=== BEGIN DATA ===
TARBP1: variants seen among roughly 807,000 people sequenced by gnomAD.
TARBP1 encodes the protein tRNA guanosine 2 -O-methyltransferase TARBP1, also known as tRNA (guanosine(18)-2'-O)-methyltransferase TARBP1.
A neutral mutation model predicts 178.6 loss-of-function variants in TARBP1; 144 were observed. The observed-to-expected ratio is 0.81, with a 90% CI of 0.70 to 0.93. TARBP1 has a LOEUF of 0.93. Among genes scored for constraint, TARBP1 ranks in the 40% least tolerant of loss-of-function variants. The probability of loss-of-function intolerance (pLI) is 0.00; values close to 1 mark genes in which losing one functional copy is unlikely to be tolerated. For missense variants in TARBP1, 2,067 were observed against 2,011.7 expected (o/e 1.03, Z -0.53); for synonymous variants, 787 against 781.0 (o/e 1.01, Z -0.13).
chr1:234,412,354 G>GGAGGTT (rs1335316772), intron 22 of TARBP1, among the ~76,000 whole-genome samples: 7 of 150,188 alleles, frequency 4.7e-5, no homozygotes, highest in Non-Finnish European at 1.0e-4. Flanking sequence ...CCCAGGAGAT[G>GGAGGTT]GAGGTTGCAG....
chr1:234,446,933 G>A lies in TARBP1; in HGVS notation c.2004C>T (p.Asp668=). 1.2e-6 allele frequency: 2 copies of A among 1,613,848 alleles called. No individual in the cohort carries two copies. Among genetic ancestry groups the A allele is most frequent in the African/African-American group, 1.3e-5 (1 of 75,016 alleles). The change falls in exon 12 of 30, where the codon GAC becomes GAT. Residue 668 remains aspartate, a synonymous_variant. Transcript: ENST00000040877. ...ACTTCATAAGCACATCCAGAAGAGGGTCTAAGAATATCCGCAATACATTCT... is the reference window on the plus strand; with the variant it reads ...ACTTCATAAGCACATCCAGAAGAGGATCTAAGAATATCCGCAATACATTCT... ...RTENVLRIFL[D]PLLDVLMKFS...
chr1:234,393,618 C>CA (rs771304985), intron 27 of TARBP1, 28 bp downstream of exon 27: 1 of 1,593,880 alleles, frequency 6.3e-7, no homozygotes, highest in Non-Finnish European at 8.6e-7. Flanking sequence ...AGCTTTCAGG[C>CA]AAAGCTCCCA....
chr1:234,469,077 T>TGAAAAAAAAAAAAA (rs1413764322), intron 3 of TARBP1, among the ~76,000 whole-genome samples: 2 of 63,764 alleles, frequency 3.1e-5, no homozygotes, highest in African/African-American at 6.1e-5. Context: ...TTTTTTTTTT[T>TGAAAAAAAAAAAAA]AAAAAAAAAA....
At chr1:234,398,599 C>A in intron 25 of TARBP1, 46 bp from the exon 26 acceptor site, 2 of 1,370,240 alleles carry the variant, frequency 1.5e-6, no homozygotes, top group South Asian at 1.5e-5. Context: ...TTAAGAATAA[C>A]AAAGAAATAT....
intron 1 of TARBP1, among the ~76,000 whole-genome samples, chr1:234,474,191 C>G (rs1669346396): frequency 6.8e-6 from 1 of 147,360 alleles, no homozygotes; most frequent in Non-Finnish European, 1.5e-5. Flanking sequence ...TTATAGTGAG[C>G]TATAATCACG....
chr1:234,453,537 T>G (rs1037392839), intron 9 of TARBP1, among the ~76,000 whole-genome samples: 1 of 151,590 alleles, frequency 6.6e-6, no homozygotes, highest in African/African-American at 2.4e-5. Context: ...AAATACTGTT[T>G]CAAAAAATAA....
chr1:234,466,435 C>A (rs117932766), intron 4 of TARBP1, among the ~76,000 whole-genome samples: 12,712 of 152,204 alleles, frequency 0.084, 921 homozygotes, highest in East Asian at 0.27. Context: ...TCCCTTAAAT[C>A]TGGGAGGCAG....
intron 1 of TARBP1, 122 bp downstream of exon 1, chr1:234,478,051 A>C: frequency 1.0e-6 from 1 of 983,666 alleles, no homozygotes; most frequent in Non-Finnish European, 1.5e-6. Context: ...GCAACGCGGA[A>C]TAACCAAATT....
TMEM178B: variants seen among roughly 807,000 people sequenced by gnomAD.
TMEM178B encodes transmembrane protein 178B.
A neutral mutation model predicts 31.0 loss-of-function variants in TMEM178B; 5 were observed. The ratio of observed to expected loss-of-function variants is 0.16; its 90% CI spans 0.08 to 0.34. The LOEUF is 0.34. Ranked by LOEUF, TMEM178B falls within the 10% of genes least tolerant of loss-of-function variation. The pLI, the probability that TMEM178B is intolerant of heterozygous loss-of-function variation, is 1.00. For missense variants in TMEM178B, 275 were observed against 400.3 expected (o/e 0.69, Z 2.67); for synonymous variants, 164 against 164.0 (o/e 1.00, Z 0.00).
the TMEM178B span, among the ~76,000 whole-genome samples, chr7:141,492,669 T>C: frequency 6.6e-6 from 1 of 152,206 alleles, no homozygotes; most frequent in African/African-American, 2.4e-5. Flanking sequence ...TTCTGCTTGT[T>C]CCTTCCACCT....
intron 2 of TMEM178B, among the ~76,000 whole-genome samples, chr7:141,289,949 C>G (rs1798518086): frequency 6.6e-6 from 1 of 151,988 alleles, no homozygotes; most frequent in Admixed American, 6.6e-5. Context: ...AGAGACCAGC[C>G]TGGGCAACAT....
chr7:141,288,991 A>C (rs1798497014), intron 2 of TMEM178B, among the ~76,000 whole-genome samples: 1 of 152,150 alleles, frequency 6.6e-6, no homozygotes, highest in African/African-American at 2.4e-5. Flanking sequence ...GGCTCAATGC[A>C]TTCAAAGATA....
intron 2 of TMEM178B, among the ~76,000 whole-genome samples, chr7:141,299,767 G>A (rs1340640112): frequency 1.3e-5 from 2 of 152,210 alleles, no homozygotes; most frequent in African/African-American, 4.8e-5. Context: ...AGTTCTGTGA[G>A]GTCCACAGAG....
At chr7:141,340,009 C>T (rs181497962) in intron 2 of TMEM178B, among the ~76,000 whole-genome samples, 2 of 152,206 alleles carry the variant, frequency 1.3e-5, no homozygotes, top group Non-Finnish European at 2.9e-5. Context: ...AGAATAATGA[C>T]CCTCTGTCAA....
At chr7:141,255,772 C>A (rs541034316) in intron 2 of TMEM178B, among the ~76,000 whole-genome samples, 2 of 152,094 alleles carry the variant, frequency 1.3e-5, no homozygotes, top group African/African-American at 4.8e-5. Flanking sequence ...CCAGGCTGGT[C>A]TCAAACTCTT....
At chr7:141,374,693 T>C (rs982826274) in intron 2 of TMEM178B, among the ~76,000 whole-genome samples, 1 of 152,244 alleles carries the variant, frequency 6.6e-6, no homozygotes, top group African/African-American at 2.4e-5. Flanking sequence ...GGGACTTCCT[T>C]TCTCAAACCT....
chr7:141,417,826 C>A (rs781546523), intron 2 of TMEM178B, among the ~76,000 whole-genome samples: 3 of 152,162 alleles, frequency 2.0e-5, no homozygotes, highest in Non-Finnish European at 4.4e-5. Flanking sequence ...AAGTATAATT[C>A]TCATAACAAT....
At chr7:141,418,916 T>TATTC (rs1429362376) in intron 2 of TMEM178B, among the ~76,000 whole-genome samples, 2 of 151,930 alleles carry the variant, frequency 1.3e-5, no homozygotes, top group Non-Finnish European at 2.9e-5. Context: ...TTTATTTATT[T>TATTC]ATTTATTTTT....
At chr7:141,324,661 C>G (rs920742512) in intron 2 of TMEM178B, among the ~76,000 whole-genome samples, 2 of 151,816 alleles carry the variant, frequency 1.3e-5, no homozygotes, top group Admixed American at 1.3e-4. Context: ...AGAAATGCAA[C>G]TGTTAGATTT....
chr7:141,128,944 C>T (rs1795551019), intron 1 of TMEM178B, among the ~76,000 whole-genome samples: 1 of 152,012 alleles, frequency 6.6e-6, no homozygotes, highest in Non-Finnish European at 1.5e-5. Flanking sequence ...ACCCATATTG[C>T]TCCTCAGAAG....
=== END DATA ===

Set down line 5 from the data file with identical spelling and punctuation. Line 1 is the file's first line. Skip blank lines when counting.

chr1:234,446,933 G>A lies in TARBP1; in HGVS notation c.2004C>T (p.Asp668=). 1.2e-6 allele frequency: 2 copies of A among 1,613,848 alleles called. No individual in the cohort carries two copies. Among genetic ancestry groups the A allele is most frequent in the African/African-American group, 1.3e-5 (1 of 75,016 alleles). The change falls in exon 12 of 30, where the codon GAC becomes GAT. Residue 668 remains aspartate, a synonymous_variant. Transcript: ENST00000040877. ...ACTTCATAAGCACATCCAGAAGAGGGTCTAAGAATATCCGCAATACATTCT... is the reference window on the plus strand; with the variant it reads ...ACTTCATAAGCACATCCAGAAGAGGATCTAAGAATATCCGCAATACATTCT... ...RTENVLRIFL[D]PLLDVLMKFS...